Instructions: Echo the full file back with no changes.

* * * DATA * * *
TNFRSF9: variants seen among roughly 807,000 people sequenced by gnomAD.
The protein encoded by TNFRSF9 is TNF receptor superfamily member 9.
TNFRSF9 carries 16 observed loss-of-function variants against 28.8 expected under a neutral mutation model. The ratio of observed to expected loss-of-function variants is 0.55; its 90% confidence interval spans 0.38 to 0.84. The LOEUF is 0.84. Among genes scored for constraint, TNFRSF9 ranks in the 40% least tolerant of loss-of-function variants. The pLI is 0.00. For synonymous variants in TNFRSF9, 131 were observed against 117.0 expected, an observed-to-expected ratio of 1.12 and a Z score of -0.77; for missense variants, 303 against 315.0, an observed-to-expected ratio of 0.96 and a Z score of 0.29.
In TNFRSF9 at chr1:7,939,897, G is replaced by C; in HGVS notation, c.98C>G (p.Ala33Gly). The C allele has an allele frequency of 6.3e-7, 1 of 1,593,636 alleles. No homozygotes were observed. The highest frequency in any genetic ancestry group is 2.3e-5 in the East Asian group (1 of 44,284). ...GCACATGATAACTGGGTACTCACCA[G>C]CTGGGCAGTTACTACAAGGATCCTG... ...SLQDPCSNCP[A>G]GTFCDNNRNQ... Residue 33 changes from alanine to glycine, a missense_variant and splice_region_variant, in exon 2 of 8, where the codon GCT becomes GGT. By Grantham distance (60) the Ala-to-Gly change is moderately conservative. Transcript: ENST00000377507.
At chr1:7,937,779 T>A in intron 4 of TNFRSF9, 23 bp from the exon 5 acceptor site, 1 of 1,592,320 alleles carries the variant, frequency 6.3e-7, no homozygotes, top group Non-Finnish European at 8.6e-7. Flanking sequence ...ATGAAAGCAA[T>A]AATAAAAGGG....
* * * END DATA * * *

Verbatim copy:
TNFRSF9: variants seen among roughly 807,000 people sequenced by gnomAD.
The protein encoded by TNFRSF9 is TNF receptor superfamily member 9.
TNFRSF9 carries 16 observed loss-of-function variants against 28.8 expected under a neutral mutation model. The ratio of observed to expected loss-of-function variants is 0.55; its 90% confidence interval spans 0.38 to 0.84. The LOEUF is 0.84. Among genes scored for constraint, TNFRSF9 ranks in the 40% least tolerant of loss-of-function variants. The pLI is 0.00. For synonymous variants in TNFRSF9, 131 were observed against 117.0 expected, an observed-to-expected ratio of 1.12 and a Z score of -0.77; for missense variants, 303 against 315.0, an observed-to-expected ratio of 0.96 and a Z score of 0.29.
In TNFRSF9 at chr1:7,939,897, G is replaced by C; in HGVS notation, c.98C>G (p.Ala33Gly). The C allele has an allele frequency of 6.3e-7, 1 of 1,593,636 alleles. No homozygotes were observed. The highest frequency in any genetic ancestry group is 2.3e-5 in the East Asian group (1 of 44,284). ...GCACATGATAACTGGGTACTCACCA[G>C]CTGGGCAGTTACTACAAGGATCCTG... ...SLQDPCSNCP[A>G]GTFCDNNRNQ... Residue 33 changes from alanine to glycine, a missense_variant and splice_region_variant, in exon 2 of 8, where the codon GCT becomes GGT. By Grantham distance (60) the Ala-to-Gly change is moderately conservative. Transcript: ENST00000377507.
At chr1:7,937,779 T>A in intron 4 of TNFRSF9, 23 bp from the exon 5 acceptor site, 1 of 1,592,320 alleles carries the variant, frequency 6.3e-7, no homozygotes, top group Non-Finnish European at 8.6e-7. Flanking sequence ...ATGAAAGCAA[T>A]AATAAAAGGG....